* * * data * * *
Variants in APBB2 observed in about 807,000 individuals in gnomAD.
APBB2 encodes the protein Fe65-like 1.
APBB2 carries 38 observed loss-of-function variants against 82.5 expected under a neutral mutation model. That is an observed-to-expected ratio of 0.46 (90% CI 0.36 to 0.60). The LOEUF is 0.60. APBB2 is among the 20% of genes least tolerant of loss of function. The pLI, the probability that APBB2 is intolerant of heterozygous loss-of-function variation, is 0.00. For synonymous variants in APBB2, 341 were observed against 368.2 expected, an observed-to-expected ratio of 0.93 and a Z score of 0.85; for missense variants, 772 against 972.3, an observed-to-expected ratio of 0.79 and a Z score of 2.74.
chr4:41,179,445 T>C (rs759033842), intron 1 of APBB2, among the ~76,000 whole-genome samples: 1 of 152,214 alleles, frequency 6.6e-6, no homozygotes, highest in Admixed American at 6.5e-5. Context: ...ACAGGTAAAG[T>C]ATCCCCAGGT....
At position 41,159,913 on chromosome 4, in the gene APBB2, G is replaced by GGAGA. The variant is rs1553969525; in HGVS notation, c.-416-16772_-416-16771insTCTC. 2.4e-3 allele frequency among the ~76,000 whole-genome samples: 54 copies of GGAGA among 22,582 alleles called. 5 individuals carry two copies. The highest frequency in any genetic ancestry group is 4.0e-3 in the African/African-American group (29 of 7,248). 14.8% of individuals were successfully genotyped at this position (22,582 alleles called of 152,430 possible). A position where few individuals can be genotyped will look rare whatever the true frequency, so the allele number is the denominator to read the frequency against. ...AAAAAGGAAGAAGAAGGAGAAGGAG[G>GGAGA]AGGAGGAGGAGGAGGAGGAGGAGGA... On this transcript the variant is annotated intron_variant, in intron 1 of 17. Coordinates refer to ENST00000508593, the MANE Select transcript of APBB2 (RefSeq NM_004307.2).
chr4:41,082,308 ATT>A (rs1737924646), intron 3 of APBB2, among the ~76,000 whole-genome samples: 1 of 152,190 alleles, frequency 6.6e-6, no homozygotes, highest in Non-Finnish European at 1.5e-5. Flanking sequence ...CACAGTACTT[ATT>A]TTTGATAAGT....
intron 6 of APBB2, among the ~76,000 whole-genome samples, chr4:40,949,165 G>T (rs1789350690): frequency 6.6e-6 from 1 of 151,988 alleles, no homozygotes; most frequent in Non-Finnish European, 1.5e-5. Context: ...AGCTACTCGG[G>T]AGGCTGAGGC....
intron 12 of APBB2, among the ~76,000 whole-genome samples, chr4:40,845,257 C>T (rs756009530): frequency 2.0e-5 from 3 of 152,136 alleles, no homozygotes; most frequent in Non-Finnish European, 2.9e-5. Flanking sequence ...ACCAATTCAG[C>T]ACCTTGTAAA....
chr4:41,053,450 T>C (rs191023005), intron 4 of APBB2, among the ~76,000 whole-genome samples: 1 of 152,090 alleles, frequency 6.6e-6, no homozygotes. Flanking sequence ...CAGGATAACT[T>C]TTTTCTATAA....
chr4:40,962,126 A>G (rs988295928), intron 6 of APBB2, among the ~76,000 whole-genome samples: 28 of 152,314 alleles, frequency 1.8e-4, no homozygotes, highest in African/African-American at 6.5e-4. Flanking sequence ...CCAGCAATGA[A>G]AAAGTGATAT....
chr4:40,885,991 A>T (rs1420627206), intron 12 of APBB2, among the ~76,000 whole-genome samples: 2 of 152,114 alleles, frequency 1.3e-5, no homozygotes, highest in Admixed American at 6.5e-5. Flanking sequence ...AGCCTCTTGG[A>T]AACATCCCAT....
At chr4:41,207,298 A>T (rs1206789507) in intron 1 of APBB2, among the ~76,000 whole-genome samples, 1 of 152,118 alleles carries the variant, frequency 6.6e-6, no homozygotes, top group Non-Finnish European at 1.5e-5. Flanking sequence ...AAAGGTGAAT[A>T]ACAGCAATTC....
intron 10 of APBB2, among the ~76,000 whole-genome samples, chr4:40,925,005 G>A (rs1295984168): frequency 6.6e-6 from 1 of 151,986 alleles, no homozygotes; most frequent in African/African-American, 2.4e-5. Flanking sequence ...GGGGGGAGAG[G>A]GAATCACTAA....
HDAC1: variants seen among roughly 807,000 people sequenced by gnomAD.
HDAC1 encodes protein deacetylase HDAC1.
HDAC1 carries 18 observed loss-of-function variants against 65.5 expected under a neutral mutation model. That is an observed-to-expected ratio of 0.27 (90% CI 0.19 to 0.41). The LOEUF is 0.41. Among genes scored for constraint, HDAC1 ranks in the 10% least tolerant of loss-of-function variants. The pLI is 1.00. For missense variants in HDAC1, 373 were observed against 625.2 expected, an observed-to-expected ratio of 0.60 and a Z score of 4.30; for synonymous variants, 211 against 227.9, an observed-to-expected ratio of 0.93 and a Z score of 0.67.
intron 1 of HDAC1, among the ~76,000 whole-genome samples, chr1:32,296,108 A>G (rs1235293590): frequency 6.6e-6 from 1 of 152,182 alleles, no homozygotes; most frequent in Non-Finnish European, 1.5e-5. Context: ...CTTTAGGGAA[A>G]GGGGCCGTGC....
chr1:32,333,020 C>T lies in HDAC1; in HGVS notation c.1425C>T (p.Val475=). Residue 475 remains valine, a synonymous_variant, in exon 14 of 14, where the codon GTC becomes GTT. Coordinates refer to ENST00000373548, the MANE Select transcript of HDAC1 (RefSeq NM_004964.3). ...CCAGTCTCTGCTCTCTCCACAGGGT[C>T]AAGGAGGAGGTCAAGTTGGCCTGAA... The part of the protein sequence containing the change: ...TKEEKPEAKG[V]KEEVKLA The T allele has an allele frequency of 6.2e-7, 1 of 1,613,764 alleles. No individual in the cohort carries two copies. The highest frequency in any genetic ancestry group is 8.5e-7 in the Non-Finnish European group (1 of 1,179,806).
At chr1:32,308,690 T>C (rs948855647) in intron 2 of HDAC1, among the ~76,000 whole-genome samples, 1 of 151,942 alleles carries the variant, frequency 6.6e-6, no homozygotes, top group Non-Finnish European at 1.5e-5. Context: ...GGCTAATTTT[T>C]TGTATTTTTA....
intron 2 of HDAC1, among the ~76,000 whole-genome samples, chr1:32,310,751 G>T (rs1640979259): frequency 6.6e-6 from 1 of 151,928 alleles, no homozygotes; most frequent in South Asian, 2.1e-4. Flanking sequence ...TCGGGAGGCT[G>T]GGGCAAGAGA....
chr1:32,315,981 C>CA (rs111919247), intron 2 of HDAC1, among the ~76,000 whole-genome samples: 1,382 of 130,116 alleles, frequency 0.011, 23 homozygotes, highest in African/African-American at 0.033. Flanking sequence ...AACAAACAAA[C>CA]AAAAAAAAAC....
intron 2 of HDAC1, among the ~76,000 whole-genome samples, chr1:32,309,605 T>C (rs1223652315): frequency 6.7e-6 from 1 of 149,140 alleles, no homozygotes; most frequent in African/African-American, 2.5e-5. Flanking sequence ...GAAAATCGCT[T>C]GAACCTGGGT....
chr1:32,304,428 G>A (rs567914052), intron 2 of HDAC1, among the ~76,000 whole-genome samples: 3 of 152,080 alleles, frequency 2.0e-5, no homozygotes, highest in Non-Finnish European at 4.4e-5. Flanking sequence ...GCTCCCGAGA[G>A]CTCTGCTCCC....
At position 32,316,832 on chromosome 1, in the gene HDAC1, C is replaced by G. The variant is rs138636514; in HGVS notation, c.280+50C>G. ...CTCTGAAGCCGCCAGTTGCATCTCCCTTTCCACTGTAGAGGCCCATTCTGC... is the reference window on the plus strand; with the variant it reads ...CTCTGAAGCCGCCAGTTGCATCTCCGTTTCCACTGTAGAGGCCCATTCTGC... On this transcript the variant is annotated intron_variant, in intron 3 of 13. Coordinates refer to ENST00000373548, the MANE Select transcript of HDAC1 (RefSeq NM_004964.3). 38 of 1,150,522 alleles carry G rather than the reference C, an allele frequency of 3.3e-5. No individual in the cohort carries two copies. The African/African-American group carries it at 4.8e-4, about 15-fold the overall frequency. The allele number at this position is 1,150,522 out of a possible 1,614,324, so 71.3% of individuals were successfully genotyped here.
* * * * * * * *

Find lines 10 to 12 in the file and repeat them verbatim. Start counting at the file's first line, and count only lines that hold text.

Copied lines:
chr4:40,962,126 A>G (rs988295928), intron 6 of APBB2, among the ~76,000 whole-genome samples: 28 of 152,314 alleles, frequency 1.8e-4, no homozygotes, highest in African/African-American at 6.5e-4. Flanking sequence ...CCAGCAATGA[A>G]AAAGTGATAT....
chr4:40,885,991 A>T (rs1420627206), intron 12 of APBB2, among the ~76,000 whole-genome samples: 2 of 152,114 alleles, frequency 1.3e-5, no homozygotes, highest in Admixed American at 6.5e-5. Flanking sequence ...AGCCTCTTGG[A>T]AACATCCCAT....
At chr4:41,207,298 A>T (rs1206789507) in intron 1 of APBB2, among the ~76,000 whole-genome samples, 1 of 152,118 alleles carries the variant, frequency 6.6e-6, no homozygotes, top group Non-Finnish European at 1.5e-5. Flanking sequence ...AAAGGTGAAT[A>T]ACAGCAATTC....